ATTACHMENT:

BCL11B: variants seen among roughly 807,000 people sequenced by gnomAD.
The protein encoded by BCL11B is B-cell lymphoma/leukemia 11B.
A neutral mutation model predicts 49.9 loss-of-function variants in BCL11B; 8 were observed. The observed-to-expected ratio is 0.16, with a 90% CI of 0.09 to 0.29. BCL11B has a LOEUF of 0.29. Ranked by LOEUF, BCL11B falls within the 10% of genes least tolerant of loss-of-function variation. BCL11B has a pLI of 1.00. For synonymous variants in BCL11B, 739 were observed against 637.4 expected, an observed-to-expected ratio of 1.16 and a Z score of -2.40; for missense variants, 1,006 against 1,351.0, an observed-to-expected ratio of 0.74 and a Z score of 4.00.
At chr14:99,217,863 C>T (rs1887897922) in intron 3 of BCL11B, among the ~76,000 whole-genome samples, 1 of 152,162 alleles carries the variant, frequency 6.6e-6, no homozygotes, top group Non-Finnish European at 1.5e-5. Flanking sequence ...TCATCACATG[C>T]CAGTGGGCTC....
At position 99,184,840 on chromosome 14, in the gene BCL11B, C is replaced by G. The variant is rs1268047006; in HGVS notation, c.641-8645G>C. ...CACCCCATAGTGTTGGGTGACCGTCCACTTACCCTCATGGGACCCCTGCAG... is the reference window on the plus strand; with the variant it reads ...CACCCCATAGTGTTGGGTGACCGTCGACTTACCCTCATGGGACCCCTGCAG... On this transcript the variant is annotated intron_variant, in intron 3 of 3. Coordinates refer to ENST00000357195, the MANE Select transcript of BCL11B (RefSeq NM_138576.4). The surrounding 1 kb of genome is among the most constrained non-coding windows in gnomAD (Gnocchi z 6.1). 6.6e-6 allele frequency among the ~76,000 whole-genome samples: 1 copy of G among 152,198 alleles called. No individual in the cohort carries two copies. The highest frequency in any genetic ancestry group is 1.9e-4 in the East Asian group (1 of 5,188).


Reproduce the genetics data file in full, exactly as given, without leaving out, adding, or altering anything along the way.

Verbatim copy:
BCL11B: variants seen among roughly 807,000 people sequenced by gnomAD.
The protein encoded by BCL11B is B-cell lymphoma/leukemia 11B.
A neutral mutation model predicts 49.9 loss-of-function variants in BCL11B; 8 were observed. The observed-to-expected ratio is 0.16, with a 90% CI of 0.09 to 0.29. BCL11B has a LOEUF of 0.29. Ranked by LOEUF, BCL11B falls within the 10% of genes least tolerant of loss-of-function variation. BCL11B has a pLI of 1.00. For synonymous variants in BCL11B, 739 were observed against 637.4 expected, an observed-to-expected ratio of 1.16 and a Z score of -2.40; for missense variants, 1,006 against 1,351.0, an observed-to-expected ratio of 0.74 and a Z score of 4.00.
At chr14:99,217,863 C>T (rs1887897922) in intron 3 of BCL11B, among the ~76,000 whole-genome samples, 1 of 152,162 alleles carries the variant, frequency 6.6e-6, no homozygotes, top group Non-Finnish European at 1.5e-5. Flanking sequence ...TCATCACATG[C>T]CAGTGGGCTC....
At position 99,184,840 on chromosome 14, in the gene BCL11B, C is replaced by G. The variant is rs1268047006; in HGVS notation, c.641-8645G>C. ...CACCCCATAGTGTTGGGTGACCGTCCACTTACCCTCATGGGACCCCTGCAG... is the reference window on the plus strand; with the variant it reads ...CACCCCATAGTGTTGGGTGACCGTCGACTTACCCTCATGGGACCCCTGCAG... On this transcript the variant is annotated intron_variant, in intron 3 of 3. Coordinates refer to ENST00000357195, the MANE Select transcript of BCL11B (RefSeq NM_138576.4). The surrounding 1 kb of genome is among the most constrained non-coding windows in gnomAD (Gnocchi z 6.1). 6.6e-6 allele frequency among the ~76,000 whole-genome samples: 1 copy of G among 152,198 alleles called. No individual in the cohort carries two copies. The highest frequency in any genetic ancestry group is 1.9e-4 in the East Asian group (1 of 5,188).